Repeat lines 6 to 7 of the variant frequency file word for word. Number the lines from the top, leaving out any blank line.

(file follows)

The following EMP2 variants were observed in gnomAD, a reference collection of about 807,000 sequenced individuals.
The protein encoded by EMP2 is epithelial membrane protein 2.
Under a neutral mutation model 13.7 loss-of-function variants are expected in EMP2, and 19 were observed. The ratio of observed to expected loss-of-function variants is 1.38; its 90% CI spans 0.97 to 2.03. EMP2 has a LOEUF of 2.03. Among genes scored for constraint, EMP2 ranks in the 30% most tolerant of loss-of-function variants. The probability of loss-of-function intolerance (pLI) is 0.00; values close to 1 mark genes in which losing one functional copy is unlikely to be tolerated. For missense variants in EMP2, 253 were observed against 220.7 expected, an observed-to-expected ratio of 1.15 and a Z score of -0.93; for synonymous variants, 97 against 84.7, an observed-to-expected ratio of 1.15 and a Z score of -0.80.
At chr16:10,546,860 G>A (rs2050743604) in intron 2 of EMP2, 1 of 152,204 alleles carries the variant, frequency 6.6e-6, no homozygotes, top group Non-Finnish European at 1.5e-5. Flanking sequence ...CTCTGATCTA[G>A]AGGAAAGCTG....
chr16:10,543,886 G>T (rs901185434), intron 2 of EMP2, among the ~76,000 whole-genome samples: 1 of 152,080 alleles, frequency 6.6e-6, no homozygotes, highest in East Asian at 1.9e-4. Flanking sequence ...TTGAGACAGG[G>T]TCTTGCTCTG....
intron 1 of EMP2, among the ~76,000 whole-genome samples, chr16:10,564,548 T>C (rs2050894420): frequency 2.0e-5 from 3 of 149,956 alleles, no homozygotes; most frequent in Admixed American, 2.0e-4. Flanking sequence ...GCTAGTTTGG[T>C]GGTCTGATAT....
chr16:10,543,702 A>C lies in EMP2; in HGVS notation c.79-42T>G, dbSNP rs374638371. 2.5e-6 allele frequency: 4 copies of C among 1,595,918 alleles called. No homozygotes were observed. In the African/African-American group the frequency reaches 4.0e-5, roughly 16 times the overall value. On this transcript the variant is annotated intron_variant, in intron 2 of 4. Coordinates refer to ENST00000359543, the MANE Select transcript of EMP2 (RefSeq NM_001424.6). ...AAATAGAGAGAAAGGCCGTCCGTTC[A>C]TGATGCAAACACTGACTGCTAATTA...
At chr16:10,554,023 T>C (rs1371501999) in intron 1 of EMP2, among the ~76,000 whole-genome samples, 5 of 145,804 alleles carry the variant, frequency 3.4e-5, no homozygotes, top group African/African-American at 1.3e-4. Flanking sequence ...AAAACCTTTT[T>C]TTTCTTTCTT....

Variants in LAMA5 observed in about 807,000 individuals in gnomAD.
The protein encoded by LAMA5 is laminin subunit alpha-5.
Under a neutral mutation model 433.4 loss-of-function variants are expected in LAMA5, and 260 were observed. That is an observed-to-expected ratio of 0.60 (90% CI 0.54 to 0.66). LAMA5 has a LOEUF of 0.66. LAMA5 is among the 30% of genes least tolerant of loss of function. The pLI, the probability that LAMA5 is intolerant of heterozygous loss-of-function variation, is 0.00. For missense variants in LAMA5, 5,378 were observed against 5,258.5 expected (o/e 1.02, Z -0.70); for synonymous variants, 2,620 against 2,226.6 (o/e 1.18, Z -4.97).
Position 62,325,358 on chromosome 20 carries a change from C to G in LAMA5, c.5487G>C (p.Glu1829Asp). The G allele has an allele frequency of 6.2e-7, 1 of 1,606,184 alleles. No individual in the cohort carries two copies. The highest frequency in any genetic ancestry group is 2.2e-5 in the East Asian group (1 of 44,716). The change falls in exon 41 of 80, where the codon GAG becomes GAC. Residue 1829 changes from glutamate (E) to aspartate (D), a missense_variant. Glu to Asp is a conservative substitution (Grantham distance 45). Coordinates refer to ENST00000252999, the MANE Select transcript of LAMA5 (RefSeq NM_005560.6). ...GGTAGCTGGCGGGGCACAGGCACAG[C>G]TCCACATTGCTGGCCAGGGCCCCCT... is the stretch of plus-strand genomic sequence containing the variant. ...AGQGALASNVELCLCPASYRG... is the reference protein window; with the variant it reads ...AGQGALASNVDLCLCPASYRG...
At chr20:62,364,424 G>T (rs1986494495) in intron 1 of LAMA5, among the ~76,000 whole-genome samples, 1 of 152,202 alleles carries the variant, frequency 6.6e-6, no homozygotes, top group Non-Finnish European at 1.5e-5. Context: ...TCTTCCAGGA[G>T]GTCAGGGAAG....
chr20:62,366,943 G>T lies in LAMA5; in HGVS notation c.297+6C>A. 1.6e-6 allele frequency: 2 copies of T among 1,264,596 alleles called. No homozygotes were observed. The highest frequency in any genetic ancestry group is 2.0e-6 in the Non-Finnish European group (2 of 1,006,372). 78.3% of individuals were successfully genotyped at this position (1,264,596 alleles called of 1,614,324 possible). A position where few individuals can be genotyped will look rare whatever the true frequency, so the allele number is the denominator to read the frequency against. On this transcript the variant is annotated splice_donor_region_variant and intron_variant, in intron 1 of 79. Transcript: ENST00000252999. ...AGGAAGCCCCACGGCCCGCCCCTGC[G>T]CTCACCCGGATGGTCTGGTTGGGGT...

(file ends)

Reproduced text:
intron 1 of EMP2, among the ~76,000 whole-genome samples, chr16:10,564,548 T>C (rs2050894420): frequency 2.0e-5 from 3 of 149,956 alleles, no homozygotes; most frequent in Admixed American, 2.0e-4. Flanking sequence ...GCTAGTTTGG[T>C]GGTCTGATAT....
chr16:10,543,702 A>C lies in EMP2; in HGVS notation c.79-42T>G, dbSNP rs374638371. 2.5e-6 allele frequency: 4 copies of C among 1,595,918 alleles called. No homozygotes were observed. In the African/African-American group the frequency reaches 4.0e-5, roughly 16 times the overall value. On this transcript the variant is annotated intron_variant, in intron 2 of 4. Coordinates refer to ENST00000359543, the MANE Select transcript of EMP2 (RefSeq NM_001424.6). ...AAATAGAGAGAAAGGCCGTCCGTTC[A>C]TGATGCAAACACTGACTGCTAATTA...